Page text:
Iberomaurusian and Capsian types. The Aterian is a distinctive industry, which
is very widely spread across North Africa. Its dating and signicance have been
debated for nearly a century. Renewed interest in the Aterian has arisen becauseof a recent proposal that its development and spread may have been linked tothe dispersal of anatomically modern humans (McBrearty and Brooks 2000). The
industry contains technological innovations such as thin, bifacially aked lithic
points and pedunculates as well as evidence for personal ornaments and use of red pigments (D’Errico
et al.
2009), though only lithic artefacts are present in thePRM’s collections. Various Aterian sites have now been dated in Morocco and
CountryNumber of Objects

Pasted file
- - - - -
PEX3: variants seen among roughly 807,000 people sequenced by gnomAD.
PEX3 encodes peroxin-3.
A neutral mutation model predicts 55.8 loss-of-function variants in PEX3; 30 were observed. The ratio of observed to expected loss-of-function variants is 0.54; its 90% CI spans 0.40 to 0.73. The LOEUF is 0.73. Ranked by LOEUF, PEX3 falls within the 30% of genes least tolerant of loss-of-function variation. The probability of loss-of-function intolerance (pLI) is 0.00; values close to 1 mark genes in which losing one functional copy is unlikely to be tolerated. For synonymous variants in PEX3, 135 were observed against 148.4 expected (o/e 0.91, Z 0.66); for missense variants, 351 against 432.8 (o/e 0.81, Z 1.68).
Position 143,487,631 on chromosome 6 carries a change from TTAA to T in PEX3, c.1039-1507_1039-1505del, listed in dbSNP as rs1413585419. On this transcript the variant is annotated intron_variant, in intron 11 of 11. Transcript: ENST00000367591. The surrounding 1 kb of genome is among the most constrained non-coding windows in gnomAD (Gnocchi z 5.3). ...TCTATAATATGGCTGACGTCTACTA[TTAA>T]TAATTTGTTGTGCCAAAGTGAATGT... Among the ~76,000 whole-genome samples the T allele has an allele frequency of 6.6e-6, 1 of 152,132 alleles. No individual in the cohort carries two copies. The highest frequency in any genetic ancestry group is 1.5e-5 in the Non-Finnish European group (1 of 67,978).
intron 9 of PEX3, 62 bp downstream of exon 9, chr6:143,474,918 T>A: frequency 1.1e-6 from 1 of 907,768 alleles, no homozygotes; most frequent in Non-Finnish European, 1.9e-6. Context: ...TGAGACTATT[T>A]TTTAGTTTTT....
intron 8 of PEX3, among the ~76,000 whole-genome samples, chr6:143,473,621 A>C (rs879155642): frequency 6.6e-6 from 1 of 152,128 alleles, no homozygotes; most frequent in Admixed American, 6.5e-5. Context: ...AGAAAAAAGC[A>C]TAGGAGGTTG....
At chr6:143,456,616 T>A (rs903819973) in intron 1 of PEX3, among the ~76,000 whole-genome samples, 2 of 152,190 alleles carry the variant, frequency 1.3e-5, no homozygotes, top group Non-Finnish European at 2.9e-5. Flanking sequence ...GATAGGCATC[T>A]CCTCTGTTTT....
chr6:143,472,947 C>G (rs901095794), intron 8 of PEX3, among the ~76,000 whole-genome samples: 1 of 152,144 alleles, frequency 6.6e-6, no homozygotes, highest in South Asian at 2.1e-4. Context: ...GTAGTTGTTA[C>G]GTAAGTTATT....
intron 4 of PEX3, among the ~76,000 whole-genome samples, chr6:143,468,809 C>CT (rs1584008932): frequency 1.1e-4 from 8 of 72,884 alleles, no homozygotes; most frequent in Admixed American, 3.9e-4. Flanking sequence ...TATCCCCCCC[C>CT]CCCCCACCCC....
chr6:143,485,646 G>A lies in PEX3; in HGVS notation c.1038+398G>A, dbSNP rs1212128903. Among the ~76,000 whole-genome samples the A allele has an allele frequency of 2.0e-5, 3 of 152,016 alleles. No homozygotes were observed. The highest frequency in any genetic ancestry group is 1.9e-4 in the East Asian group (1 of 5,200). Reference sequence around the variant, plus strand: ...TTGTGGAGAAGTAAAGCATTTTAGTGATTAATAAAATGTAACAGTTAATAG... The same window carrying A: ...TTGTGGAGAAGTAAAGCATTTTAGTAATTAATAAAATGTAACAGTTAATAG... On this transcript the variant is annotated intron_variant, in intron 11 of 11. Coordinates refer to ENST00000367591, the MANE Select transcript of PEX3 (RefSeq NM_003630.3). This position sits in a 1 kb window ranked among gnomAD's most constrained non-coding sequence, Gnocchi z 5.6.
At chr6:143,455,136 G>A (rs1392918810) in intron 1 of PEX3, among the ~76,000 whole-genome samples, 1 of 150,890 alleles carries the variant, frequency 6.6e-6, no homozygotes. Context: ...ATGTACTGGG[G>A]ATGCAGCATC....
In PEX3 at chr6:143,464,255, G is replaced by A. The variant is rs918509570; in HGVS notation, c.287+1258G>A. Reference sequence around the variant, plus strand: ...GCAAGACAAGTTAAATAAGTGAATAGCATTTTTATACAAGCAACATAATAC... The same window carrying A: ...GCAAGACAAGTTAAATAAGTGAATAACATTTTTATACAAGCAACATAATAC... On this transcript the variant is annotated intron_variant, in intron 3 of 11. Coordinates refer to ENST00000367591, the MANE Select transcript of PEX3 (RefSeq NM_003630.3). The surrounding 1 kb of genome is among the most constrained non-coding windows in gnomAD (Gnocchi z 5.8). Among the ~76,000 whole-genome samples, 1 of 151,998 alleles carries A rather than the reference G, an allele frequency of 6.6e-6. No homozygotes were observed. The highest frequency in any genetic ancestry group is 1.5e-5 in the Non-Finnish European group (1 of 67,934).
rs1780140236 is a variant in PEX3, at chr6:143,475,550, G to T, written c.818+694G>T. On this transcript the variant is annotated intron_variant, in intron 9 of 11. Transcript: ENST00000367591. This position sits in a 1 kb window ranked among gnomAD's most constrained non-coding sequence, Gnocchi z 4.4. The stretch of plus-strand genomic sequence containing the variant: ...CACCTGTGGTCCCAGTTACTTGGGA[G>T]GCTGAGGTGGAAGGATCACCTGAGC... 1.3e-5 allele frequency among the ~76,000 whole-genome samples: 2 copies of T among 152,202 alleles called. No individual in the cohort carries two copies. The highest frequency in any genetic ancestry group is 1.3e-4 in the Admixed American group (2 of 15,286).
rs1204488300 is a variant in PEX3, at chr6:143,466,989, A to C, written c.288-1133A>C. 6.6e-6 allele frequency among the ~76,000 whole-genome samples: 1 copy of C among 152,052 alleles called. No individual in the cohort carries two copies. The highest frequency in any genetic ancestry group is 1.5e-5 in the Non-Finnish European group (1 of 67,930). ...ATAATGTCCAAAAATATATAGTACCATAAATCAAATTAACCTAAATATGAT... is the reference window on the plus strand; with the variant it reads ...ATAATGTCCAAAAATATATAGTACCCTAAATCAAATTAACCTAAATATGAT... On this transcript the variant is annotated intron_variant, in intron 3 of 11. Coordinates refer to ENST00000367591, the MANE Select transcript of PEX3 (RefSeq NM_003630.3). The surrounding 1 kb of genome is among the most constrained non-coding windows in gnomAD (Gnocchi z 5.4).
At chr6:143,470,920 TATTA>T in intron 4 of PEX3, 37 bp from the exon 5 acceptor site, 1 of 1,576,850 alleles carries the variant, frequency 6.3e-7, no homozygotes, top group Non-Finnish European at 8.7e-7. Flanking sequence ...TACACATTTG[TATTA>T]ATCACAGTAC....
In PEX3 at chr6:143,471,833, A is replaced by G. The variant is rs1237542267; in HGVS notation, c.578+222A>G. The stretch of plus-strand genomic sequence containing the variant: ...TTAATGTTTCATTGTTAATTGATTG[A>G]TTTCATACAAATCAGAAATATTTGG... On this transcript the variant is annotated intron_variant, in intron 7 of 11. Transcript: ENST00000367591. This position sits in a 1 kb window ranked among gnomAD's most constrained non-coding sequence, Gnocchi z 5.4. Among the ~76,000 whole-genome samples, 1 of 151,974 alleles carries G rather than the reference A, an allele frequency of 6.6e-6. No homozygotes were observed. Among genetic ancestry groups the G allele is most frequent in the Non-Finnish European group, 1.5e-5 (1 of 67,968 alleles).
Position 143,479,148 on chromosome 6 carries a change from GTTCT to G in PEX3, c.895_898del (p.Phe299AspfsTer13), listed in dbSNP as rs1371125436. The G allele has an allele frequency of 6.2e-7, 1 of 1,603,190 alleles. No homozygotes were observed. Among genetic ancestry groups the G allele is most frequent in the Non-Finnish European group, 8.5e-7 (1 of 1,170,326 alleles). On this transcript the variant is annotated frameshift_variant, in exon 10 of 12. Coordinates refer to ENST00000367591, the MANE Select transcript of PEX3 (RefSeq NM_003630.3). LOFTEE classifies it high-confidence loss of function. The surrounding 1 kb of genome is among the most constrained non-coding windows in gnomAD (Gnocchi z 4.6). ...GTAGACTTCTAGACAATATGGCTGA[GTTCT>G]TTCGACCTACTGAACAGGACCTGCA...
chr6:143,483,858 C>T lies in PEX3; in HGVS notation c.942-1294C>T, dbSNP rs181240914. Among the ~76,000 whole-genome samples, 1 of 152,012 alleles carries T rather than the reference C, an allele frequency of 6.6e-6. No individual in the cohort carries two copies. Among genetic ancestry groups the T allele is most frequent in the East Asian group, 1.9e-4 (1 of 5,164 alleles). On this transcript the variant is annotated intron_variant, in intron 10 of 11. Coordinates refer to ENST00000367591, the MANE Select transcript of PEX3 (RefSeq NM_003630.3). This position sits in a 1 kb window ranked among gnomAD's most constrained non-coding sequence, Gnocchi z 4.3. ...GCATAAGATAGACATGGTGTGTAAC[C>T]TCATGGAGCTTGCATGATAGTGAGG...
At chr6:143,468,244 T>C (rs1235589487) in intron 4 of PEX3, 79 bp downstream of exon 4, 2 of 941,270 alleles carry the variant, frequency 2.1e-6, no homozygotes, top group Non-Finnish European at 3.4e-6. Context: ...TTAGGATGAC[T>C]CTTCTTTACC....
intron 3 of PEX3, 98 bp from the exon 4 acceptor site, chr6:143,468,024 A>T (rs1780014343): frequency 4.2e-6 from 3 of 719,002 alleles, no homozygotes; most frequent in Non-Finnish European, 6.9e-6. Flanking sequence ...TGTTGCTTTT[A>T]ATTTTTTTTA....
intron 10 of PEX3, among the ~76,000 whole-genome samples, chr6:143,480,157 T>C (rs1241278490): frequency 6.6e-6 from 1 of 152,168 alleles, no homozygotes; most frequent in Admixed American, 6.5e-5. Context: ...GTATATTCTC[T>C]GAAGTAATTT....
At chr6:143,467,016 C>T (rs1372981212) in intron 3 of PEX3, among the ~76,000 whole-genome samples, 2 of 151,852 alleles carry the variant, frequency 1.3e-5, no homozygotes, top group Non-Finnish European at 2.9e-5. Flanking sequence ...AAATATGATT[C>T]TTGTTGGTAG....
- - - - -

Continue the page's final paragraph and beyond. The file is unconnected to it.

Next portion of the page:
Algeria1,972Egypt1,202Libya101Morocco111 Tunisia221
 Total3,607
Table 4.1 Number of North Africa
Palaeolithic objects in the 
Pitt Rivers Museum, by 
country.
Figure 4.1 Map of  North Africa, showing 
the main Stone Age sites 
referred to Chapter 4.
Cite this paper as: Nick Barton 2013. Stone Age North Africa.In Dan Hicks and Alice Stevenson (eds) World Archaeology at the Pitt Rivers Museum: a characterization. Oxford: Archaeopress, pp. 52-59.For further details on the book, and to order a copy, see http://www.prm.ox.ac.uk/world.htmlCopyright © Pitt Rivers Museum, Archaeopress, editors and individual authors 2013.The Pitt Rivers Museum’s database can be accessed through the museum’s website at http://www.prm.ox.ac.uk.Research enquiries about the collections should be addressed to:Head of Collections, Pitt Rivers Museum, University of Oxford. Email: objects.colls@prm.ox.ac.uk
 
 WORLD ARCHAEOLOGY AT THE PITT RIVERS MUSEUM
54
suggest a long chronology extending back over 100,000 years (Barton
et al.
2009;Richter
et al.